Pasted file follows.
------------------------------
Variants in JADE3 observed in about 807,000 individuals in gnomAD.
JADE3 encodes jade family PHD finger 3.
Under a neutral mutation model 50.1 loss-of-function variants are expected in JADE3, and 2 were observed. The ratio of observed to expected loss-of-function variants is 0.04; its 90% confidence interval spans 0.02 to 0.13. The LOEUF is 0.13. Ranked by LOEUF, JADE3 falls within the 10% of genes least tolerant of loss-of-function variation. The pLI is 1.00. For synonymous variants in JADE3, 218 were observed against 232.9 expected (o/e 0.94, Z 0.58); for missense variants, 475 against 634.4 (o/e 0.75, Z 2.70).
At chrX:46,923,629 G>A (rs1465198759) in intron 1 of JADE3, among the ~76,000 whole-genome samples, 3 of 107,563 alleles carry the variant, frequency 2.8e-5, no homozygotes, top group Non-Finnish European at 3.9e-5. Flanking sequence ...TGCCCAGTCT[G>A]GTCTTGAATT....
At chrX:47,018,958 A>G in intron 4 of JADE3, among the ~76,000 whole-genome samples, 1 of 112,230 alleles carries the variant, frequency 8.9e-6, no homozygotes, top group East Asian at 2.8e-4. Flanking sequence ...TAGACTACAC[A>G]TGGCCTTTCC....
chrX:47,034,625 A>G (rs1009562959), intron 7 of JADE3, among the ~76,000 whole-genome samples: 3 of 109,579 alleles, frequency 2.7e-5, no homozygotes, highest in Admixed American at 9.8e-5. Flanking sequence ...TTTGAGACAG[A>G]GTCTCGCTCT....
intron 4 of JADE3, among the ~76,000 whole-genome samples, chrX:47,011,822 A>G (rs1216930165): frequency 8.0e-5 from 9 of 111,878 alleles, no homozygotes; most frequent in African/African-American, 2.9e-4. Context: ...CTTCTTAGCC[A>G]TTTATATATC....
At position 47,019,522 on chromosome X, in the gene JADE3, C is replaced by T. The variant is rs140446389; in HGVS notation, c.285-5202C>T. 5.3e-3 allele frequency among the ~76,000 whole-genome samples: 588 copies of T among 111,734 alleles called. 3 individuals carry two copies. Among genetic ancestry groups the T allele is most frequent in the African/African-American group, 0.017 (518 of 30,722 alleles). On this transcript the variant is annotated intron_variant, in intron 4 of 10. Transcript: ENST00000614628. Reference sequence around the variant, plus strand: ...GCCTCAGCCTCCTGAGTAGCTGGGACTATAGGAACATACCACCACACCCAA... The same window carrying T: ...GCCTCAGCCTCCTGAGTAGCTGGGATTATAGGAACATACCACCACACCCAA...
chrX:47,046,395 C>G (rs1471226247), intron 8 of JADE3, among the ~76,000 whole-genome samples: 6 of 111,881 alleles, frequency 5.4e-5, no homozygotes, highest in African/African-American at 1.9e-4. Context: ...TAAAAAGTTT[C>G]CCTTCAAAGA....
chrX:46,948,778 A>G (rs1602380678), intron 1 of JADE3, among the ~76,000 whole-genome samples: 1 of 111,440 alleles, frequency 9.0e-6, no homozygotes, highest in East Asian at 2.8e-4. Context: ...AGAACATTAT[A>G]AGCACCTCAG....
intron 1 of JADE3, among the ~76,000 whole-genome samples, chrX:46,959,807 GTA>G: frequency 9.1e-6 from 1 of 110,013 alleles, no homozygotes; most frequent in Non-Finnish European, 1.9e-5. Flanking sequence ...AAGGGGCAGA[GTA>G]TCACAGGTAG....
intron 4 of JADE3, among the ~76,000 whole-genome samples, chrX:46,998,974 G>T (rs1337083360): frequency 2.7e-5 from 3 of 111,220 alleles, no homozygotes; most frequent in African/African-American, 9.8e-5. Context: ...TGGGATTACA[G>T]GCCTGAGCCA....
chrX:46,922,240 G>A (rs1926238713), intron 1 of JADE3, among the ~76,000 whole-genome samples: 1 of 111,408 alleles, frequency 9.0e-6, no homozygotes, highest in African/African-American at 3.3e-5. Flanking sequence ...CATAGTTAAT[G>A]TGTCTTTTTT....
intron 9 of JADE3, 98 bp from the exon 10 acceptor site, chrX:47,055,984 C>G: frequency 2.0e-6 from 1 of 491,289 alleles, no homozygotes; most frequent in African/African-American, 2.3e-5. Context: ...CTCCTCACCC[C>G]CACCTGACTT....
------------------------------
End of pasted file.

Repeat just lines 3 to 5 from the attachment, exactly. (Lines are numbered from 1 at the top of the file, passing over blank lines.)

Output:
Under a neutral mutation model 50.1 loss-of-function variants are expected in JADE3, and 2 were observed. The ratio of observed to expected loss-of-function variants is 0.04; its 90% confidence interval spans 0.02 to 0.13. The LOEUF is 0.13. Ranked by LOEUF, JADE3 falls within the 10% of genes least tolerant of loss-of-function variation. The pLI is 1.00. For synonymous variants in JADE3, 218 were observed against 232.9 expected (o/e 0.94, Z 0.58); for missense variants, 475 against 634.4 (o/e 0.75, Z 2.70).
At chrX:46,923,629 G>A (rs1465198759) in intron 1 of JADE3, among the ~76,000 whole-genome samples, 3 of 107,563 alleles carry the variant, frequency 2.8e-5, no homozygotes, top group Non-Finnish European at 3.9e-5. Flanking sequence ...TGCCCAGTCT[G>A]GTCTTGAATT....
At chrX:47,018,958 A>G in intron 4 of JADE3, among the ~76,000 whole-genome samples, 1 of 112,230 alleles carries the variant, frequency 8.9e-6, no homozygotes, top group East Asian at 2.8e-4. Flanking sequence ...TAGACTACAC[A>G]TGGCCTTTCC....